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Little Stint

Calidris minuta

ML109332581


©
Sean Williams
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eBird Checklist S47579293
Monomoy NWR
Barnstable, Massachusetts, United States
Search this location, Illustrated Checklist
Latitude and Longitude 41.5913, -69.988 Map

Age
Unknown
Sex
Unknown
Behaviors
Breeding
Tags

Comments

This photo shows the notched gape particularly well.

Observation details

***Mega. This adult was mostly in breeding plumage still, and roosting among ~600 shorebirds containing largely Semipalmated Sandpipers with some Semipalmated Plovers and Sanderlings. The roost was on the inner beach just south of the junction of South Beach and South Monomoy. According the MARC database, this would be a 7th state record. Four of those seven records come from South Beach, immediately adjacent and connected to South Monomoy (it’s all one land mass now). Another record comes from Morris Island just last year in August 2017, found by Sue Finnegan and John Pratt. Originally MRW and SMW detected a small, lone, sleeping shorebird with a noticeably orange nape. The size of the bird narrowed the identification down to a peep, and the color of the nape seemed to rule out Semipalmated, Western, and Least Sandpipers. We conjectured that the bird might be a stint, and so further investigation was warranted. We cautiously approached the shorebird flock to within 20 m, and angled ourselves slightly to the side of the flock. From this angle we were able to view the scapulars, coverts, and tertials, most of which were black-centered and edged with an intense rufous. At this point, we were confident that the sleeping sandpiper was a Little Stint. We abandoned our scopes and encroached further on the flock to document this sighting with photographs. We gingerly inched toward the flock on our bellies so as to not disturb the birds from their respite. We halted once we were within a comfortable distance, and eventually the bird untucked its bill. The cheeks were a smooth buffy orange and bordered by a clean white throat and supercilium. The supercilium was broken into two neat lines that were divided by an orange wedge reaching down and anterior from the rear of the crown. The crown was a dark orange with many black flecks. The forehead was white and the lores were a darker, more intense orange. The breast was washed a pale buffy orange with brown stipples. The bill was relatively short and thin with a slight decurve. The base of the lower mandible was pushed noticeably more anterior than the upper mandible, giving an impression of a “notched” gape. This feature is characteristic of Little and Red-necked Stints, whereas Semipalmated and Western Sandpipers have a “flattened” gape. (Thank you, Suzanne Sullivan, for pointing out this useful field mark just three days prior, and thanks to Blair Nikula too for a recent discussion on stint ID). Finally, as the bird walked away, the legs were black and there was no sign of palmation between the base of the toes. In brief, we arrived at the identification of Little Stint by ruling out North American peeps due to the extensive orange and rufous coloration on the face and back, and Red-necked Stint was ruled out due to the clean white throat, split supercilium, and rufous-edged median coverts. We observed the bird for over an hour, from 14:55 to 16:10. High tide was at 15:20. The bird slept mostly, but stood up to preen on several occasions. The bright rufous on the head and mantle stood out like a sore thumb amongst the dark browns and grays of the nearby Semipalmated Sandpipers. Even from a distance of ~35 m, the bright coloration of the stint could be picked out easily with 10x binoculars. At times the bird was isolated from other shorebirds by up to two feet, although when other shorebirds moved around and that distance increased, the stint quickly surrounded itself again with Semipalmated Sandpipers.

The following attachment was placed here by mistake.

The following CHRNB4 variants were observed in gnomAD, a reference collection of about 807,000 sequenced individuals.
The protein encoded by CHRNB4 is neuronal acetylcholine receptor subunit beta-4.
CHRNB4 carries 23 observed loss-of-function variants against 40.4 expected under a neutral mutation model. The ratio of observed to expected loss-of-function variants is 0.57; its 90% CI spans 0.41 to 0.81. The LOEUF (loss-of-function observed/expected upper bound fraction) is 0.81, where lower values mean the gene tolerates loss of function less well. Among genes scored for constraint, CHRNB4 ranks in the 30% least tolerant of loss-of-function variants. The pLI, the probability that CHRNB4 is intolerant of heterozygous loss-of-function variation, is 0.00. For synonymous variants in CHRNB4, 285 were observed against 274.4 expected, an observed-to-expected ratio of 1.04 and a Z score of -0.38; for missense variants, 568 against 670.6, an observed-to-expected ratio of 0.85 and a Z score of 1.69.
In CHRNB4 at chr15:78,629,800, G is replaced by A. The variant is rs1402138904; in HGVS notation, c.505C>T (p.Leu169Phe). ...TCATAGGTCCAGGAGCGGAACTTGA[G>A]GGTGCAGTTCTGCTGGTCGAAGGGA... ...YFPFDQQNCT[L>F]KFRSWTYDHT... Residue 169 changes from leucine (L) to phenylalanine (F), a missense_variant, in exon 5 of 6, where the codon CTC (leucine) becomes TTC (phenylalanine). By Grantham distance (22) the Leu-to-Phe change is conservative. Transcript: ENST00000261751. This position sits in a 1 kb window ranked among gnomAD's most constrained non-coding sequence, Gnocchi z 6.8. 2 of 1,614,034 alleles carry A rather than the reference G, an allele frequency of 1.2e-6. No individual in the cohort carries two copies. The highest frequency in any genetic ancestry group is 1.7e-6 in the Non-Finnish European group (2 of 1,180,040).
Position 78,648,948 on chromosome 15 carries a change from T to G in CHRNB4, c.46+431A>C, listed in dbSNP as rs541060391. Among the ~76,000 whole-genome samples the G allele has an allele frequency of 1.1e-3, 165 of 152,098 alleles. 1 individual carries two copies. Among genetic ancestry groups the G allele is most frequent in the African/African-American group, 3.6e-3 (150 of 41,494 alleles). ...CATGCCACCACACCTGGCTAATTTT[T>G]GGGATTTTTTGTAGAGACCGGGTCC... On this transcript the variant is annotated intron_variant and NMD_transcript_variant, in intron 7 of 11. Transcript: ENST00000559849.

Technical Information

Model
Canon EOS 7D Mark II
Lens model
EF400mm f/5.6L USM
f-stop
f/5.6
Focal length
400 mm
Shutter speed
1/2500 sec
ISO
200
Flash
Flash did not fire, auto

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